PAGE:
Polishing technique
You'll need to prep the piece to be polished by first removing any debris (which, when spinning at several thousand revolutions per minute [RPM], would have its own abrasive effect). Sand away larger scratches and imperfections because attempting to buff them out will only create large divots. Gradually work from coarse sandpaper to finer paper or steel wool before you move on to polishing compound.


After applying an abrasive compound, notice how the fibers in this sisal wheel stand out so that they can remove deep blemishes.

The idea when polishing is to let the abrasive compound do all of the work, and that requires speed. Professionals measure this effect through a term called surface feet per minute (SFPM). To determine the SFPM, you multiply the RPM of the polisher's motor by the wheel diameter and then divide by 3.82. The goal when polishing is to be between 4,000 and 7,000 SFPM. So for example, if we know that the buffer rotates at 3,450 RPM and we're using an 8-in. wheel, the equation would be (3,450 x 8) ÷ 3.82 = 7,225 SFPM, close enough to our 7,000-SFPM limit to be acceptable.


To remove stubborn corrosion or imperfections, work against the rotation of the wheel to create a cutting effect, as shown with this twist bit.

You'll apply polishing compound to the polishing wheel as it spins. Apply the compound lightly and frequently or the wheel will simply fling the substance all over you and your workspace.

Touch the workpiece to the polishing wheel (see "Working Smart" at the end of this article for tips on positioning the workpiece in relation to the wheel). Don't forcefully push the workpiece into the wheel (that's only necessary when you need to get into tight places). Slowing down the wheel's speed by force only slows down the polishing process (see photo below).


Work into the nooks and crevices to remove all corrosion and discoloration. Don't push too hard, as you'll only slow the polishing process.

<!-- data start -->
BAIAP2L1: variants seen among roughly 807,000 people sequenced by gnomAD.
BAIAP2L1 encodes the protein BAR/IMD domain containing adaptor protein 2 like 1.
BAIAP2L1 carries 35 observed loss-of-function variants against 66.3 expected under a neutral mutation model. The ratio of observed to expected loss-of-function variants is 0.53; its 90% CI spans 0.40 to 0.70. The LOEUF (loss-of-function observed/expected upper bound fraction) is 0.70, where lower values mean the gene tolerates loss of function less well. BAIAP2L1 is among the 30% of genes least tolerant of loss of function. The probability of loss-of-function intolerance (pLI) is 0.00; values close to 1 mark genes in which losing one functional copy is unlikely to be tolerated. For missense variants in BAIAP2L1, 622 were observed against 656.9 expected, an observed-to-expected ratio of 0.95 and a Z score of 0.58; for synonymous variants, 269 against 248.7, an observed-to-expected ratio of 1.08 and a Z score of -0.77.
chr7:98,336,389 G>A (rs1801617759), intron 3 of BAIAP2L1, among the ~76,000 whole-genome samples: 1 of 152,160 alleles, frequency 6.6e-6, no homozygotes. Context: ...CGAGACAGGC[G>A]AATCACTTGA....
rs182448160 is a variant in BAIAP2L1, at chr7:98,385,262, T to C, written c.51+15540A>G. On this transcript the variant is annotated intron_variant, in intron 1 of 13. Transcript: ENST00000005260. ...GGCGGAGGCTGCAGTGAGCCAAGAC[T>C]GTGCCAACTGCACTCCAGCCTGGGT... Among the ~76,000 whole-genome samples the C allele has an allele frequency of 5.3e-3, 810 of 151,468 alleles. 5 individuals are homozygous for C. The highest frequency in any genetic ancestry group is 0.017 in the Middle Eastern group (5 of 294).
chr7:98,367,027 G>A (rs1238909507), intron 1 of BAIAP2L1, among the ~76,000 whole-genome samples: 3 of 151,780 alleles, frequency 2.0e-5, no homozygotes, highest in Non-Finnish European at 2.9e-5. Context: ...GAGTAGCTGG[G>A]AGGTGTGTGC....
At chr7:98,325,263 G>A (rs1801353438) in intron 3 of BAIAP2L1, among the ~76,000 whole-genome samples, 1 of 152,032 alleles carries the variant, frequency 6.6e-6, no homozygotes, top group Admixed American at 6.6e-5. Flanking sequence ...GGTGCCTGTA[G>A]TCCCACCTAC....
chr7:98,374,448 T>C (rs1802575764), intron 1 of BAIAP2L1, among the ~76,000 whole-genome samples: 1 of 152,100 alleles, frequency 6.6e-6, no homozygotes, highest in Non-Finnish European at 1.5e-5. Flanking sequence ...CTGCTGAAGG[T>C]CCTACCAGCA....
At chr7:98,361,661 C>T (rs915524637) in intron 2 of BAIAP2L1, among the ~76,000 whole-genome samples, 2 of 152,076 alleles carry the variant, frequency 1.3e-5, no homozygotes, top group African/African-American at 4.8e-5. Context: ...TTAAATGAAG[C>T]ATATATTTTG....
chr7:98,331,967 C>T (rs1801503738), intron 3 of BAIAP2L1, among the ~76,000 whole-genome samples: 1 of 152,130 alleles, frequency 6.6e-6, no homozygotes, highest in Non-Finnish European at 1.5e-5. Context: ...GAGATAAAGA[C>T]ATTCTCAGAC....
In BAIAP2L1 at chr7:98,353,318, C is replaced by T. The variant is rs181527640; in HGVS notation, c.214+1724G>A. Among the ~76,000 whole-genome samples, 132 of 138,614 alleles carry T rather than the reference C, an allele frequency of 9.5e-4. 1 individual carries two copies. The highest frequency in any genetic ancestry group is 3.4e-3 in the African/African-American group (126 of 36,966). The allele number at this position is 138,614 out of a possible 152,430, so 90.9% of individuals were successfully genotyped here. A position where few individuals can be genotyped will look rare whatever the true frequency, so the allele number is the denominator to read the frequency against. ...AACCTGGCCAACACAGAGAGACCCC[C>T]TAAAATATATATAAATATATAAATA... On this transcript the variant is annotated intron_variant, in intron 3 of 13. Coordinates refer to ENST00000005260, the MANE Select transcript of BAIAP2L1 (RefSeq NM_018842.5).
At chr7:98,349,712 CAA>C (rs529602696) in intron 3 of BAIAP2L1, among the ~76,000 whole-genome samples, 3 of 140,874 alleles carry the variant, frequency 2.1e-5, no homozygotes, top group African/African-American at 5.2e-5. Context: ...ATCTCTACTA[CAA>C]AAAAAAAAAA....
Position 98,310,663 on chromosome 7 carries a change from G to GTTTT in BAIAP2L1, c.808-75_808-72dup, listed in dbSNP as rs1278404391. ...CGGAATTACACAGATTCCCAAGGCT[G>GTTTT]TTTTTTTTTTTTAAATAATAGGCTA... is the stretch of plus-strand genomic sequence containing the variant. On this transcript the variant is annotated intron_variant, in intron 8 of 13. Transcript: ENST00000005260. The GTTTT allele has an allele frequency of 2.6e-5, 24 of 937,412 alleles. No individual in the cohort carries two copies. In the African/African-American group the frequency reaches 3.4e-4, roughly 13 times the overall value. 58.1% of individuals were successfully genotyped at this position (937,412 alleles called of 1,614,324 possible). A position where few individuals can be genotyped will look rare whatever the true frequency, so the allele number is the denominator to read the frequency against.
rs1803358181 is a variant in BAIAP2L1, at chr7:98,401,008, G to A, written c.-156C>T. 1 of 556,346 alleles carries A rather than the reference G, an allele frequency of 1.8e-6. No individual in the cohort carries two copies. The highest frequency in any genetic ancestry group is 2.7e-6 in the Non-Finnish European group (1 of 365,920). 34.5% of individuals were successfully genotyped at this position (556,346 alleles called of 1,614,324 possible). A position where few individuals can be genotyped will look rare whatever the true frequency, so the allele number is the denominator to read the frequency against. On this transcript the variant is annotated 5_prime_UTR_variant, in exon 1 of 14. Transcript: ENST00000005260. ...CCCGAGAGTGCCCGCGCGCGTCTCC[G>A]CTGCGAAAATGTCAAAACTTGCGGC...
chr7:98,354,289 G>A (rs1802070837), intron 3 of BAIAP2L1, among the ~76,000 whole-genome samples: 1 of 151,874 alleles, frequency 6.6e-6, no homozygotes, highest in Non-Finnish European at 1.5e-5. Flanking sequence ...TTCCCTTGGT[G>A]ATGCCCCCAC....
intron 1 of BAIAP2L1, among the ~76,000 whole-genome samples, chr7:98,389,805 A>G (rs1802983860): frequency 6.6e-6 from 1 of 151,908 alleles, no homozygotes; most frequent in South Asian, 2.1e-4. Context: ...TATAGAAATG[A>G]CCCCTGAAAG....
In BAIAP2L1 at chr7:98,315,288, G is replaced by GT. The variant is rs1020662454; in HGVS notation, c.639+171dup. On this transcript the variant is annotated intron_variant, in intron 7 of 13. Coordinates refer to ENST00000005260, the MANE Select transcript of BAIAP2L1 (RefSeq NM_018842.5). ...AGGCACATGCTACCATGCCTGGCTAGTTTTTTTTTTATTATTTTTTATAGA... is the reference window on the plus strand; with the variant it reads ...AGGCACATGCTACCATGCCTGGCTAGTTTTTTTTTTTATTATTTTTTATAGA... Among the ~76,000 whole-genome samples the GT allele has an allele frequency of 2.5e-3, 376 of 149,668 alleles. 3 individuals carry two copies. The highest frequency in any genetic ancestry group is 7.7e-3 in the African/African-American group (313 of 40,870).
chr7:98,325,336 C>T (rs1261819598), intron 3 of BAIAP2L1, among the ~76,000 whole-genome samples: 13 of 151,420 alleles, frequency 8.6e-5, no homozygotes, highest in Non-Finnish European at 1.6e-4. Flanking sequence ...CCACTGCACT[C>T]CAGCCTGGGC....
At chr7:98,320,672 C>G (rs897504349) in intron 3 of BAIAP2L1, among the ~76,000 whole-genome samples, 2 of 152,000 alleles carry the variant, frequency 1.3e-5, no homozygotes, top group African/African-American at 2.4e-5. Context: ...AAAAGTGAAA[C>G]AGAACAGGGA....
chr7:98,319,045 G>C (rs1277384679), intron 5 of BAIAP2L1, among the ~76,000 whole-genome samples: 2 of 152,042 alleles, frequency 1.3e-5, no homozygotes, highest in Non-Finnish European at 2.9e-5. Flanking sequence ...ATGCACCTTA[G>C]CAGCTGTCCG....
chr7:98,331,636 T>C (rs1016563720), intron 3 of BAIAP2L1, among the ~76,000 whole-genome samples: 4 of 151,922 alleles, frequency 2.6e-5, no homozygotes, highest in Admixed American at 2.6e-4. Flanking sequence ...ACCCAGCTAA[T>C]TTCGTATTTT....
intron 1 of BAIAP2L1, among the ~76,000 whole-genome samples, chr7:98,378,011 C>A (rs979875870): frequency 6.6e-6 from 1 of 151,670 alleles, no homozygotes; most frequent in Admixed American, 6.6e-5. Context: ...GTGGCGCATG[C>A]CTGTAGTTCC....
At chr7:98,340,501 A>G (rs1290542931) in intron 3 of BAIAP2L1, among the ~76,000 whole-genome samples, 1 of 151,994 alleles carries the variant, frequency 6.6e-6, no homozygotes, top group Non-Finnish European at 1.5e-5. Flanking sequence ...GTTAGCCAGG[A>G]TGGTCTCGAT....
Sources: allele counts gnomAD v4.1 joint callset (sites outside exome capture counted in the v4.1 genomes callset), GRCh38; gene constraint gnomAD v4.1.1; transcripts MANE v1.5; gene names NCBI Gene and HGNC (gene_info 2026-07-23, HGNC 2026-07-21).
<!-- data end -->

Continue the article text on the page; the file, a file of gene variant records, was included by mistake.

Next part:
As you progress from coarse compound to finer compounds, remember to change the wheel — use a different one for each type of compound. When working with coarse compounds to remove stubborn corrosion or imperfections, move the workpiece against the rotation of the wheel to create a cutting effect. But when you use finer compounds, work with the rotation of the wheel to create more of a buffing effect.

The piece you're working on will dictate how much preparation and polishing each stage will require. It takes more work to bring a shine to harder metals such as iron and steel than it does to polish aluminum or brass. But with the right tools and techniques, you can achieve brilliant results on any type of metal.


Polishing results can be dramatic: The shiny bit looked identical to the other before it was polished.

Working Smart
Whenever you're polishing metal, safety is paramount. Remove all jewelry, including your watch, so it can't get caught by a wheel. Always wear safety goggles and gloves — metal can get very hot during the polishing process. Wear a protective apron or coveralls, as the dust from the process can be messy and sticky, and a dust mask to keep you from inhaling any airborne particles. Pay attention to the position of your workpiece in relation to the polishing wheel. If the wheel is rotating downward, position the workpiece on the bottom half of the polishing wheel. Conversely, if the wheel is rotating upward, ensure that the part is on top. That way, if you lose your grip on a part, it will be projected away from you.